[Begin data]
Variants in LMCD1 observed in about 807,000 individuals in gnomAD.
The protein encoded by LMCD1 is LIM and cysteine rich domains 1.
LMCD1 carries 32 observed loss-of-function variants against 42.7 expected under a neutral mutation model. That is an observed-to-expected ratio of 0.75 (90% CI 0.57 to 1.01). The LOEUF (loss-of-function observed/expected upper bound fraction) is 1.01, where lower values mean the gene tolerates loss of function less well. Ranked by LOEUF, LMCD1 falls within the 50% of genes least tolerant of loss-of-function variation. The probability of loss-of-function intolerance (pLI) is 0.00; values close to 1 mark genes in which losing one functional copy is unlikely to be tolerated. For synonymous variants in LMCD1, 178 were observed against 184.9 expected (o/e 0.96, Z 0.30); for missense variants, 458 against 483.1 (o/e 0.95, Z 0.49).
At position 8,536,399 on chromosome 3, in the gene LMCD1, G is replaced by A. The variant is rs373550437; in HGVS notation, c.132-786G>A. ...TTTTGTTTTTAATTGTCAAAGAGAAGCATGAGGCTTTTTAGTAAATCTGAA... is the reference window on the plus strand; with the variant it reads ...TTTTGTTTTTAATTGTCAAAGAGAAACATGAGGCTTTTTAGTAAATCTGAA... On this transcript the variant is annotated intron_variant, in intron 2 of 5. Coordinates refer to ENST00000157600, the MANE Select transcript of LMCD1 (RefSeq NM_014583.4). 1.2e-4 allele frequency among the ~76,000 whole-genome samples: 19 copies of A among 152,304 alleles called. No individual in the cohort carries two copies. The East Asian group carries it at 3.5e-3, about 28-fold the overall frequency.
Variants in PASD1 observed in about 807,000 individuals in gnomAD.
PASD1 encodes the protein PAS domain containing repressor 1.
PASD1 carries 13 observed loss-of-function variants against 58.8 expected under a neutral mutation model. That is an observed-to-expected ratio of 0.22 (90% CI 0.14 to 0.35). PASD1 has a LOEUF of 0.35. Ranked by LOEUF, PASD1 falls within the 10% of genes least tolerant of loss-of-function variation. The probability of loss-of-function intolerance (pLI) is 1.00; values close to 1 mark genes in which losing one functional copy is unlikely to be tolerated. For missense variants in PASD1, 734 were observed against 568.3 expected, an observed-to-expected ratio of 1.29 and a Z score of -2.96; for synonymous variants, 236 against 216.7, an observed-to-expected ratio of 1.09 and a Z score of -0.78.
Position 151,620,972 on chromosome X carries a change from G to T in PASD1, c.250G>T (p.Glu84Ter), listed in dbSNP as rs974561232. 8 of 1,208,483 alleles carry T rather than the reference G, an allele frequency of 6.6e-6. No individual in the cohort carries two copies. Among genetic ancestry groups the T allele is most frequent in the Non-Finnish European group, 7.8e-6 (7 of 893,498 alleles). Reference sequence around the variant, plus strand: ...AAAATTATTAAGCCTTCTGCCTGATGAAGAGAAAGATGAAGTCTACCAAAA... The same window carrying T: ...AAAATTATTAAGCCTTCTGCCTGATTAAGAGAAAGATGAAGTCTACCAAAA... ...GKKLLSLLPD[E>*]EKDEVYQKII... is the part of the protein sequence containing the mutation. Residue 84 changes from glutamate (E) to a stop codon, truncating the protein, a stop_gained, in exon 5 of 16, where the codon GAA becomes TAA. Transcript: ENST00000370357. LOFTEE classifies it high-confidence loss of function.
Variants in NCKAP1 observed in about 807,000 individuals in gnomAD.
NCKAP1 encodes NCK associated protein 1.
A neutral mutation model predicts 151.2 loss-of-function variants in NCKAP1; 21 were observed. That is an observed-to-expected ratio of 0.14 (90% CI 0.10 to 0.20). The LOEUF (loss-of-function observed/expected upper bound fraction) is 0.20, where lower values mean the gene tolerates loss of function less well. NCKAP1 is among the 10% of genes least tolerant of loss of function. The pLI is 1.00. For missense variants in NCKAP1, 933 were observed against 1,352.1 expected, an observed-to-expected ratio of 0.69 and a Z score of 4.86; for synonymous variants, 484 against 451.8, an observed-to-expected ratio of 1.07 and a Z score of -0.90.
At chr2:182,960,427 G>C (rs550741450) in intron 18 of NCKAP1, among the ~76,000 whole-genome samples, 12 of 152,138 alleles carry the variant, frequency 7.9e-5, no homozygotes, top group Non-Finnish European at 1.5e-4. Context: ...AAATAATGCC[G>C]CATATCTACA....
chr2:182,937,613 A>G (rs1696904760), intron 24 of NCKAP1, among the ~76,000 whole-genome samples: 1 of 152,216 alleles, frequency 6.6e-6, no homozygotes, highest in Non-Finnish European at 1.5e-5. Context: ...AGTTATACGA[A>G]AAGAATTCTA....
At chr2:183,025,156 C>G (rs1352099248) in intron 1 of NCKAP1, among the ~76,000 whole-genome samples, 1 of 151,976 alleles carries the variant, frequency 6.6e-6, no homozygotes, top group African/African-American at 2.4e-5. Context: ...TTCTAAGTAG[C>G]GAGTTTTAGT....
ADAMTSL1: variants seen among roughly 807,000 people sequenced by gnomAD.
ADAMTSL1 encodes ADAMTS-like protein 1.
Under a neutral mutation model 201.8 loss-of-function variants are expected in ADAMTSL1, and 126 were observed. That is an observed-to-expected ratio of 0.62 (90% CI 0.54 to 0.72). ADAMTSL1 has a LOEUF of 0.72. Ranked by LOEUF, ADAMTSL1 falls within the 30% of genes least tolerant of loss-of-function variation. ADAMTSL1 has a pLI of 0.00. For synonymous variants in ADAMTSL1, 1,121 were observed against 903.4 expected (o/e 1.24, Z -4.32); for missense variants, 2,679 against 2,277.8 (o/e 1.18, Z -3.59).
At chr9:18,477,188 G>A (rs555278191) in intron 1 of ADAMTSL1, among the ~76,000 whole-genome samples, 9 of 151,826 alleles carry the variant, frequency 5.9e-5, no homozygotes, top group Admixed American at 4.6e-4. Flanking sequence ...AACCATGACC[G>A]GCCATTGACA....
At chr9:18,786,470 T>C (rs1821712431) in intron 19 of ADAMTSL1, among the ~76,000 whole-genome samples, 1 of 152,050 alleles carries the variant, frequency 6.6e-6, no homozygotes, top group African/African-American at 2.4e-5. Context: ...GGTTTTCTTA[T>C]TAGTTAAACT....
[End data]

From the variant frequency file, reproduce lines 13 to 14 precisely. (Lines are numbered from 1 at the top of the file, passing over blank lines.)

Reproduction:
chr2:182,937,613 A>G (rs1696904760), intron 24 of NCKAP1, among the ~76,000 whole-genome samples: 1 of 152,216 alleles, frequency 6.6e-6, no homozygotes, highest in Non-Finnish European at 1.5e-5. Context: ...AGTTATACGA[A>G]AAGAATTCTA....
At chr2:183,025,156 C>G (rs1352099248) in intron 1 of NCKAP1, among the ~76,000 whole-genome samples, 1 of 151,976 alleles carries the variant, frequency 6.6e-6, no homozygotes, top group African/African-American at 2.4e-5. Context: ...TTCTAAGTAG[C>G]GAGTTTTAGT....